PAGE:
Despite the elaborate econometrics, the cuts have nevertheless proven to be poorly targeted. Without legal access to work, Syrians who hold diplomas or advanced degrees have no tangible advantage over others in supporting themselves. To the contrary, our research has found that degree-holding Syrians inside and outside the camps are in fact less likely to find work: Middle-aged engineers and doctors are reluctant to work or have trouble getting hired in the shawarma shops and construction sites of the informal economy. It is the youth — those who have not begun a career — and the day laborers of Syria who do the bulk of this work and hence are better able to support their families. While econometric models may suggest that degree-holding households are more food-secure, many households are falling through the cracks — and have now lost their primary lifeline in Jordan.
Syrians tend not to try too hard to decode the decisions of aid agencies, as agencies usually do not communicate clearly with the refugees and often do not translate their statements from English. The arbitrariness of this latest decision, however, left the community reeling. Rumor is rife: “They cut the voucher to 8,000 — from the poorest people.” “They stopped coupons for 300 families [all] from the same region.” “They will stop 8,000 every month.” “We don’t know why they stopped it for some and not for others. Everyone I know who had it stopped, their situations are bad.” “We think this change is intended to force us all back to Syria.” The lack of transparency adds to the growing suspicions. Even inside the camps, where so far no cuts have been made, there is alarm about the potential for future reductions as well as abundant speculation about why the aid was curtailed at all. Overall, the impression prevails that “Jordanians don’t like Syrians” and that, as a refugee in Zaatari says, “the international community doesn’t care about us.”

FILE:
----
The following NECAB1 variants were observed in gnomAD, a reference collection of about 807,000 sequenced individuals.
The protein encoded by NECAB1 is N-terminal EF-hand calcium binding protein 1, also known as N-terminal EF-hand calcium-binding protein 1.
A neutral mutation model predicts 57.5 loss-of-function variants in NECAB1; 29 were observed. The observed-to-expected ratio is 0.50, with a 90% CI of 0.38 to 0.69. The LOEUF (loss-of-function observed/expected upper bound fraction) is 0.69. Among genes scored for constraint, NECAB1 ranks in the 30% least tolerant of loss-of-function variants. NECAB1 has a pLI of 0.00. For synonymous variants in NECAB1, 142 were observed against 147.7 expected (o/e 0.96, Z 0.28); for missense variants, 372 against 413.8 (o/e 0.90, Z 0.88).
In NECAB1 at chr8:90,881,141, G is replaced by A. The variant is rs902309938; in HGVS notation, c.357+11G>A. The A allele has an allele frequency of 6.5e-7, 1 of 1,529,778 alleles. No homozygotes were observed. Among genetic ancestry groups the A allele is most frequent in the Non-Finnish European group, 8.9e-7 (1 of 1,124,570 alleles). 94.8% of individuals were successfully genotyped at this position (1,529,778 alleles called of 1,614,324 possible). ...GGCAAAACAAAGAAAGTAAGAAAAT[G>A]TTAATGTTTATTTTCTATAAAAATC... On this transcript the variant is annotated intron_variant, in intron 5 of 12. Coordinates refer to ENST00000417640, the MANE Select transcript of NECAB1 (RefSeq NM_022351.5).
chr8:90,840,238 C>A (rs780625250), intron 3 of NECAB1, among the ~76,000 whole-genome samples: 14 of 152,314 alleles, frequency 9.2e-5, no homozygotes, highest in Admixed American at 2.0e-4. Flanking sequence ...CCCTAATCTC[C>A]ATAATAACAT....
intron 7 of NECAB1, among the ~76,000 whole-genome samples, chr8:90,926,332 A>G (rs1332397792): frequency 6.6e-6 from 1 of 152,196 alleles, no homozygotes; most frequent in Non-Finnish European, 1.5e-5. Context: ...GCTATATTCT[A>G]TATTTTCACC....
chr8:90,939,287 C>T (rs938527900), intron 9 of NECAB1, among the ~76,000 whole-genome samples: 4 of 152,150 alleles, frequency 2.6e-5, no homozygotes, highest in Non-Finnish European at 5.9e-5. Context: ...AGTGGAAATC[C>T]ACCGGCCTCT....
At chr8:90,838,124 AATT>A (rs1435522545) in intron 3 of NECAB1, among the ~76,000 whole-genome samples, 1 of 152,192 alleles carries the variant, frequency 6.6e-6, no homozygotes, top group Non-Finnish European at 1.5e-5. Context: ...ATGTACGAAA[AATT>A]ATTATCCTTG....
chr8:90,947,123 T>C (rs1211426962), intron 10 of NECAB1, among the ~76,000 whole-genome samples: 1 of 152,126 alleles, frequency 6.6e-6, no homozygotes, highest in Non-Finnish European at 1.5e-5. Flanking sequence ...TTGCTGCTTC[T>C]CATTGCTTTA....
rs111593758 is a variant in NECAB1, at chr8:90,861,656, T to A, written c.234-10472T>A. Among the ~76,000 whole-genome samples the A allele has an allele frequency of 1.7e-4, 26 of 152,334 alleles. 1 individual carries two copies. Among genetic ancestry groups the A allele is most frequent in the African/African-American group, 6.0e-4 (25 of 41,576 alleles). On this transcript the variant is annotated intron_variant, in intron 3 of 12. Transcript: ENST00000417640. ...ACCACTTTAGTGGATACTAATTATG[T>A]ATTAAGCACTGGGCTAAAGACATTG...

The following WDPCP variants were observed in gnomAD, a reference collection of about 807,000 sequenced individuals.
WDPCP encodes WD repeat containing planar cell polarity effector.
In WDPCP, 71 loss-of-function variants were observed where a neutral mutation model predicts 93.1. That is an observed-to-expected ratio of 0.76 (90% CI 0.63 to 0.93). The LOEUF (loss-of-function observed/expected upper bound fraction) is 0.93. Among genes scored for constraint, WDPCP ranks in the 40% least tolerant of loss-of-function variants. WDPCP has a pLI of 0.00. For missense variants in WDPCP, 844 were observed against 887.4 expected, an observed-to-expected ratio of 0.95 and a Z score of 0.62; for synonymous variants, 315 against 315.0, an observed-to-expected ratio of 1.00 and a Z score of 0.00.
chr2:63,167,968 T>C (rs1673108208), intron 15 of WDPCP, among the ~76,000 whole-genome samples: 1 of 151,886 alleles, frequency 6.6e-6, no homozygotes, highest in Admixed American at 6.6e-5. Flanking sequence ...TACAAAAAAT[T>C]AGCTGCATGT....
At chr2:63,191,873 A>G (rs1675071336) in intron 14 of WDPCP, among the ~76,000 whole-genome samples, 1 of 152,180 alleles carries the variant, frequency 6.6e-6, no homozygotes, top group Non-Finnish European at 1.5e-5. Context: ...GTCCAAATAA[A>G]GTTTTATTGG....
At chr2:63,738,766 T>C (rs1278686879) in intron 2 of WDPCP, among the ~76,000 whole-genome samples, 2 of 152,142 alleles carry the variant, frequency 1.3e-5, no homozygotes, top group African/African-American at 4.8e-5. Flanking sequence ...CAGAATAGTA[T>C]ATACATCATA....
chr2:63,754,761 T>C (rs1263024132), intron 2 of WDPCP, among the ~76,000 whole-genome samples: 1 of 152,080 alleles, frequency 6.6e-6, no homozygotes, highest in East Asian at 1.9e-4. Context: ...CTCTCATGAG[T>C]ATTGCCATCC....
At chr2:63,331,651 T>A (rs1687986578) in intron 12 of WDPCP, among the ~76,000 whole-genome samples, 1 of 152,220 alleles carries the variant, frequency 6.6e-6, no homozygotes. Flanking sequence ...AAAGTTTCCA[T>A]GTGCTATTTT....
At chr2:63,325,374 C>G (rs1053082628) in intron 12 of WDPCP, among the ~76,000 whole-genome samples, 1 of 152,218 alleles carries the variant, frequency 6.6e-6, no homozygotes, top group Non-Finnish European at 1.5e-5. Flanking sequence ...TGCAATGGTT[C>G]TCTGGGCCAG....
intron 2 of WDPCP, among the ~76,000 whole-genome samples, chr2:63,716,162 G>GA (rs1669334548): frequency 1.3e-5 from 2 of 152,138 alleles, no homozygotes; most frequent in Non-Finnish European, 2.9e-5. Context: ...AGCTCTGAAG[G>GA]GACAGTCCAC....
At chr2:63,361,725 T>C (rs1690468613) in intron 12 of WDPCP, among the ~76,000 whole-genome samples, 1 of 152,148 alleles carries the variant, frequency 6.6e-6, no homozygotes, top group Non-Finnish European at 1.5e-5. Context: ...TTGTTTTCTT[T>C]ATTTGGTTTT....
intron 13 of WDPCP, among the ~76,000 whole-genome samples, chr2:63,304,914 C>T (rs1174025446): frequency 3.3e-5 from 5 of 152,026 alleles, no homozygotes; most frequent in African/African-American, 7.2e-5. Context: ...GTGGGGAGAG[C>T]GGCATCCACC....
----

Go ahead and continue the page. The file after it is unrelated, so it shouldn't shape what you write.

In isolation, either of these two policy changes would be highly damaging to fragile Syrian livelihoods in Jordan. In concert, the economic and social effects are disastrous.